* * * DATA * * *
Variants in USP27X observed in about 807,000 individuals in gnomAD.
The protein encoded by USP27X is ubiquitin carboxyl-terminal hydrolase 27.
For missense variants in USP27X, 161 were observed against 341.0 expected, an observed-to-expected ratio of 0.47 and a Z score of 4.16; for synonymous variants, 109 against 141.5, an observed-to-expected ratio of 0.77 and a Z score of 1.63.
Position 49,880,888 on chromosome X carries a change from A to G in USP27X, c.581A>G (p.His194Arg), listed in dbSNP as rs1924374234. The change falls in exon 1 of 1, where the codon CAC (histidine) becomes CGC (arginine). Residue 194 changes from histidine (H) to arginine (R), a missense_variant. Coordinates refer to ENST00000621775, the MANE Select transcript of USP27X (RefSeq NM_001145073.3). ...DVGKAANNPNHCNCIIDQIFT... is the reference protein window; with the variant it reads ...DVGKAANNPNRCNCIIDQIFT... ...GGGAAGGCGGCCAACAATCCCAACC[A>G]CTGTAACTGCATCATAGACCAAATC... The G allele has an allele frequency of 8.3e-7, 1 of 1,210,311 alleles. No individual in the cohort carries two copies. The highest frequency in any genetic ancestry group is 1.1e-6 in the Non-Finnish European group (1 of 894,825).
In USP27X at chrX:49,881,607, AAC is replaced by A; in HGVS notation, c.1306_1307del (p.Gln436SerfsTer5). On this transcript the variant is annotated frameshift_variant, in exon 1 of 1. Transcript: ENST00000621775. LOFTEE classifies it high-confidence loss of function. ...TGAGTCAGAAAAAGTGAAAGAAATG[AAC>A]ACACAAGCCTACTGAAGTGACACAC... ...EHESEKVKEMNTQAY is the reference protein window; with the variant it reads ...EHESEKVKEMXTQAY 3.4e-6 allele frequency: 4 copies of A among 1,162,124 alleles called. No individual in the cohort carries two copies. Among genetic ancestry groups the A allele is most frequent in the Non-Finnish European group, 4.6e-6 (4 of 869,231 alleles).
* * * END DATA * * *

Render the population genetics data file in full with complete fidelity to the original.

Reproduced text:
Variants in USP27X observed in about 807,000 individuals in gnomAD.
The protein encoded by USP27X is ubiquitin carboxyl-terminal hydrolase 27.
For missense variants in USP27X, 161 were observed against 341.0 expected, an observed-to-expected ratio of 0.47 and a Z score of 4.16; for synonymous variants, 109 against 141.5, an observed-to-expected ratio of 0.77 and a Z score of 1.63.
Position 49,880,888 on chromosome X carries a change from A to G in USP27X, c.581A>G (p.His194Arg), listed in dbSNP as rs1924374234. The change falls in exon 1 of 1, where the codon CAC (histidine) becomes CGC (arginine). Residue 194 changes from histidine (H) to arginine (R), a missense_variant. Coordinates refer to ENST00000621775, the MANE Select transcript of USP27X (RefSeq NM_001145073.3). ...DVGKAANNPNHCNCIIDQIFT... is the reference protein window; with the variant it reads ...DVGKAANNPNRCNCIIDQIFT... ...GGGAAGGCGGCCAACAATCCCAACC[A>G]CTGTAACTGCATCATAGACCAAATC... The G allele has an allele frequency of 8.3e-7, 1 of 1,210,311 alleles. No individual in the cohort carries two copies. The highest frequency in any genetic ancestry group is 1.1e-6 in the Non-Finnish European group (1 of 894,825).
In USP27X at chrX:49,881,607, AAC is replaced by A; in HGVS notation, c.1306_1307del (p.Gln436SerfsTer5). On this transcript the variant is annotated frameshift_variant, in exon 1 of 1. Transcript: ENST00000621775. LOFTEE classifies it high-confidence loss of function. ...TGAGTCAGAAAAAGTGAAAGAAATG[AAC>A]ACACAAGCCTACTGAAGTGACACAC... ...EHESEKVKEMNTQAY is the reference protein window; with the variant it reads ...EHESEKVKEMXTQAY 3.4e-6 allele frequency: 4 copies of A among 1,162,124 alleles called. No individual in the cohort carries two copies. Among genetic ancestry groups the A allele is most frequent in the Non-Finnish European group, 4.6e-6 (4 of 869,231 alleles).